Advice! Before taking a car at any car rental, it is necessary to inspect the chosen car carefully, ask for additional equipment or other important questions, read every line in the lease contract. It is better to download GPS navigator into your phone or simple Google Maps and think of the rout beforehand!

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url 2018-04-26 19:51
The Great American Read: America’s 100 most-loved books
Anne of Green Gables Novels #1 - L.M. Montgomery
I, Alex Cross - James Patterson
A Separate Peace - John Knowles
The Eye of the World - Robert Jordan
Charlotte's Web - E.B. White,Garth Williams,Rosemary Wells
Moby Dick - Herman Melville,Frank Muller
The Martian - Andy Weir
The Hobbit & The Lord of the Rings - J.R.R. Tolkien
The Hunger Games - Suzanne Collins
The Sun Also Rises - Ernest Hemingway

Voting starts May 22 and ends October 2018.  See link for more of the 100 nominees.

 

I'm about this but do wish they had done it by categories or even time periods (I.e., published before 1900, before 1950, before 2000, type of splits).  I agree that those are 100 of the most read, most popular and even most influential books.

 

I just mean it's weird seeing beloved childhood books like Charlotte's Web and Anne of Green Gables up against Carch 22, Then There Were None, and long running contemporary series like Alex Cross and Wheel of Time?

 

Then the hordes of fans for Twilight, Fifty Shades of Gray, Pride and Prejudice, Harry Potter  ...

 

(I am not at all disrespecting Harry Potter; frankly I think those books are responsible for an entire generation of readers.  It's just weird to see it up against the other nominees.)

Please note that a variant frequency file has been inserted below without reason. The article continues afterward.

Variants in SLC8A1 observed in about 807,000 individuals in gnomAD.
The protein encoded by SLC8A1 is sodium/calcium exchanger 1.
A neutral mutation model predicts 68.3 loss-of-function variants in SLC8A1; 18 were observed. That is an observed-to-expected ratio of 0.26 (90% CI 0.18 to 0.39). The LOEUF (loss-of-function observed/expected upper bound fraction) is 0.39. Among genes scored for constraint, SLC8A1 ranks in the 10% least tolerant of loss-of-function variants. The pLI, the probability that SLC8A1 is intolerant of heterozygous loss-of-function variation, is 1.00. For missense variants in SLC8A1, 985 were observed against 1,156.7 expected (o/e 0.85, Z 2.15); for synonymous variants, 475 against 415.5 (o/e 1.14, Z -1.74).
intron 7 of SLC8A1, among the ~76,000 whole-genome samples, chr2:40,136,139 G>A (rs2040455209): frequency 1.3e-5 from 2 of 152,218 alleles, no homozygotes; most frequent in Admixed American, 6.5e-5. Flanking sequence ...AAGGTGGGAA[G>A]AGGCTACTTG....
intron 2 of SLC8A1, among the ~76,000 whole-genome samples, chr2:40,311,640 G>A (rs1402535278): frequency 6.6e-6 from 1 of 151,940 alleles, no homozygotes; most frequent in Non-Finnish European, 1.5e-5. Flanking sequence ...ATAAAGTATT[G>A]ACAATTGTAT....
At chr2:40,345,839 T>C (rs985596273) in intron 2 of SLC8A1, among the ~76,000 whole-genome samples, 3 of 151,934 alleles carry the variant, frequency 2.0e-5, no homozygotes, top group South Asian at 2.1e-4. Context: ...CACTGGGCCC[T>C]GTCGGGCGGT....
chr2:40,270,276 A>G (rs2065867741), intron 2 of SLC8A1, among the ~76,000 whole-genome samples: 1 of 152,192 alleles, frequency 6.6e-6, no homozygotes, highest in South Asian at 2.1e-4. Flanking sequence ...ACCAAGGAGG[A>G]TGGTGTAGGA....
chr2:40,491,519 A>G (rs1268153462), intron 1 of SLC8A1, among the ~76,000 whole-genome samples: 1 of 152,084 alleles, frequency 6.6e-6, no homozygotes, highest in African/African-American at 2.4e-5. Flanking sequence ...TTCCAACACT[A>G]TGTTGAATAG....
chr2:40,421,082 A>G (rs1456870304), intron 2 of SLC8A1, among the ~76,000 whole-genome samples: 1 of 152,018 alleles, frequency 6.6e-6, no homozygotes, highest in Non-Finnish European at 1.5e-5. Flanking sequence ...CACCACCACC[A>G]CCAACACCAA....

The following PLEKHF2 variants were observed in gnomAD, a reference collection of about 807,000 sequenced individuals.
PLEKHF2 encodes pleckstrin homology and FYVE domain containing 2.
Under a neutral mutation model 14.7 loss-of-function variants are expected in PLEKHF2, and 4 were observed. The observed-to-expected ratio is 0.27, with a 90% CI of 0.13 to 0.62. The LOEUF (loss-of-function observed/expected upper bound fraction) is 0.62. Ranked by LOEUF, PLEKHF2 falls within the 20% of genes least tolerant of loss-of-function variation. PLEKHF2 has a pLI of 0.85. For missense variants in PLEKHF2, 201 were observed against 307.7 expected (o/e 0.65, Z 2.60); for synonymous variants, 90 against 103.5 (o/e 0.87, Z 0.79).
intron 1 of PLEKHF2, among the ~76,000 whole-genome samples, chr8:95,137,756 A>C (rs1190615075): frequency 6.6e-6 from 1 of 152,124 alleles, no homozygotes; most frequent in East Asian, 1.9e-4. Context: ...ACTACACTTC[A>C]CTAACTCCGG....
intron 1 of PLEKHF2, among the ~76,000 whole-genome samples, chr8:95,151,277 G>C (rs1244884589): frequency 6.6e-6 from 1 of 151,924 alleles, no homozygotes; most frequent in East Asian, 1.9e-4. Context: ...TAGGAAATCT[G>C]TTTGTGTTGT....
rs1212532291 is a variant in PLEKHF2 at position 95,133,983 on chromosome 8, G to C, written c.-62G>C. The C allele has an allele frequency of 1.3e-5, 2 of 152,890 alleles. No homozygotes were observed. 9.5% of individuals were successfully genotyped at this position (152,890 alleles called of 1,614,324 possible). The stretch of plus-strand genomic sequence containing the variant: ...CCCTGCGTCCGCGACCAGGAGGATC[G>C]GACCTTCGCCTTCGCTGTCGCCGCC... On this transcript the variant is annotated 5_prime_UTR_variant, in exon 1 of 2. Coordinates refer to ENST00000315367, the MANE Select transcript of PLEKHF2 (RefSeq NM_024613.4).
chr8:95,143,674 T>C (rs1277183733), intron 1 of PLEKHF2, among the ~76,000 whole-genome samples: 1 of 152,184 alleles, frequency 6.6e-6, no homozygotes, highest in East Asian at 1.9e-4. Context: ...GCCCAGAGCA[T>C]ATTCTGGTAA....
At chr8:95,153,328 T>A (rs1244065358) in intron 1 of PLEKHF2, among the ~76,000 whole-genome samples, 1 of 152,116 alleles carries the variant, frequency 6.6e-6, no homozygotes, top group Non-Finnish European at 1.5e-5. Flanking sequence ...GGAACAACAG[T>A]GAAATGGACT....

How would you vote -- a childhood favorite that made you a reader or your favorite recent read?

Source: www.pbs.org/the-great-american-read/books/#
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url 2017-06-06 07:37
The Lord’s Captive by Cecelia Mecca
The Lord's Captive - Cecelia Mecca
 
TITLE: The Lord’s Captive
AUTHOR: Cecelia Mecca
 
He captured her for revenge. She stole his heart in return.
The Lord
Sir Bryce Waryn has dreamed for years about the day when he will finally liberate his home from the Scots who killed his parents and stole his brother’s birth right. Now that day is finally upon him, only his brother has abdicated the title of lord of Bristol Manor to him. Bryce should be celebrating, but something unexpected stands in his way—the sister of the Scot who held Bristol. In the chaos of the raid, Lady Catrina Kerr was injured and left behind. Bryce takes her captive, hoping to exact an even more satisfying revenge from his enemy. Except the fiery beauty is far more compelling than he would like…
The Captive
Raised by three elder brothers, Lady Catrina Kerr knows a thing or two about stubborn men. But Bryce is more strong-willed than all of her brothers combined. He’s also maddeningly handsome, brave, and kind—but no matter how compelling her captor, she’s intent on escaping him. Only then will she be able to protect her brothers. But as Bryce’s plan escalates and her feelings for him intensify, she finds herself facing an unthinkable choice between her family and the man who has captured her heart.
 
Excerpt:
CHAPTER 1
Northumbria, England, 1271      
Sir Bryce Waryn wanted to rejoice, but the sight of his childhood home in partial ruins overshadowed his victory. The stench of battle hung in the air.
“What ails you, brother?”
Geoffrey, two years his senior, often treated him like a child.
Not today.
“This.” He gestured to the carnage in front of them. “I fear it will never end.”